On my next article I’ll be writing a relatively specific plan, primarily based on the suggestion of turning a portion of the river into a C&R section. If anyone has any points that I should bring up on my next article, perhaps an example of a river in the US that became famous when better managed or turned into C&R only, or other stories, that would be awesome.


The Most Beautiful River in the World

Mazegawa –  Sport Fishing Opportunities. PART 1

I have never seen a river as beautiful as the Mazegawa. Twenty-eight kilometers, and every kilometer is different – fast and narrow in one area, deep pools a kilometer downstream, slower and wider another kilometer away. The Mazegawa also has areas that are difficult to access and which hold treasures such as waterfalls, and perhaps even a fish.

The variety of water found on the Maze makes it the most interesting river in the world. It is a true playground to a certain type of people: the sport fishermen, the person who travels everywhere to catch fish, for fun.

Don’t ask me why some people, including me, like fishing so much. We, sport fishermen, spend lots of money on equipment, travel great distances, and spend a lot of time on the water to have fun fishing for Iwana, Amago and Yamame.  But, I can guarantee you we do not do it because we need to eat – it is much cheaper and convenient to go to a store and buy food.  It is irrational and I can not explain why we like fishing so much even if we don’t need to take fish home, but I can tell you I have created a very successful business in the United States selling equipment to the sport fishermen who, after catching their fish, release them. And I know enough fishermen in the USA and throughout Japan to tell you that sport fishermen do not need to take fish home to be happy.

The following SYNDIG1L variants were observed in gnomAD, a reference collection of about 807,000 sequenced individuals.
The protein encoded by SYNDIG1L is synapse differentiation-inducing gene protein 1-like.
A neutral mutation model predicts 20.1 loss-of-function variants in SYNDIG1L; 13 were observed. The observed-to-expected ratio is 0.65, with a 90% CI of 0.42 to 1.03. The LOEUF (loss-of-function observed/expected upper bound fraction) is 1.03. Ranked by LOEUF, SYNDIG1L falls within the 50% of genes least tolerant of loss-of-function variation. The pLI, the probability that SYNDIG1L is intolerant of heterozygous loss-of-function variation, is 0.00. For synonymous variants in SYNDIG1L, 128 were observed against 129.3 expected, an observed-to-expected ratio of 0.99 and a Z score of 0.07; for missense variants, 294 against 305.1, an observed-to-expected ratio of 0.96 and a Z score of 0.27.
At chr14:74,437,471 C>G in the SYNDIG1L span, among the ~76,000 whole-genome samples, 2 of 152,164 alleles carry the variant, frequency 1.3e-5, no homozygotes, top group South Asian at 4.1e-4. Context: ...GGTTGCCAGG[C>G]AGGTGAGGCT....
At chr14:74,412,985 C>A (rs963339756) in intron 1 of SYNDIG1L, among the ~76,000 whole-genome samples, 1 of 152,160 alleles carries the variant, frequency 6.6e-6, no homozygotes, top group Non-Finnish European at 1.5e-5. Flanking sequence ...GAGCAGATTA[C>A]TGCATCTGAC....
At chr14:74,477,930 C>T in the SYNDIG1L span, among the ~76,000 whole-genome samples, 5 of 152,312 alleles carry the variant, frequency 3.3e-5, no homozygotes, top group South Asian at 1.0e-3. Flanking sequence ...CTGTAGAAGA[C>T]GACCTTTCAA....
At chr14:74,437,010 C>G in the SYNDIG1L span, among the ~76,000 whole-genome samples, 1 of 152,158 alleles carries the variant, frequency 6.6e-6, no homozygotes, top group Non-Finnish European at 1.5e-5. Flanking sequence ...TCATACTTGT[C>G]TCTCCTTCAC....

The Mazegawa is a river where you can not come visit only once, or for one weekend. With the variety of water available for fishing, anyone who likes fishing has to return.  But, unfortunately beauty and variety are not the only thing fishermen need, fishermen need fish.

“The Mazegawa is the most beautiful river. But, there are no fish.”

In 2010, I visited Maze for my first time. My teacher brought me here to show me  what could be his favorite fishing area. But, he warned me: it is a beautiful river, but the fishing is not so good.

Before visiting the Mazegawa we spent 3 days fishing his favorite area, the Itoshiro river. The Itoshiro river, also in Gifu, became a “Catch-and-Release” river in 2002. Ever since it has attracted people from all over Japan because there are a lot of fish. AND, the co-op that manages the Itoshiro has not needed to put any fish in there for the last 10 years! All fish are born on the river, the local fish farms sell their fish to other areas and to businesses nearby.

The Mazegawa is a treasure. It is a resource that could be more valuable than gold. It could easily become a “destination-river”, a river where people fly from all over the world to visit.  The only thing missing is fish.

For the next newsletter I will write more about easy ways to make the Mazegawa be the best fishing destination in the world. But, for now I’d like to ask you to think about these 3 things:

1)   Past: If you like fishing and are over 40 years old, think about how the fishing was when you were growing up and how much easier it was to catch fish.

2)   Present/Sustainability: it is simple math; if people take more fish than are born, there will never be enough.

3)   Future: I met several young kids in Maze who like fishing, but they can not catch many fish. Kyosuke, one of the kids there, even likes tenkara. If you are a fisherman, next time you go fishing, think about putting some of the fish you catch back in the water so that Kyosuke can catch it when he gets older.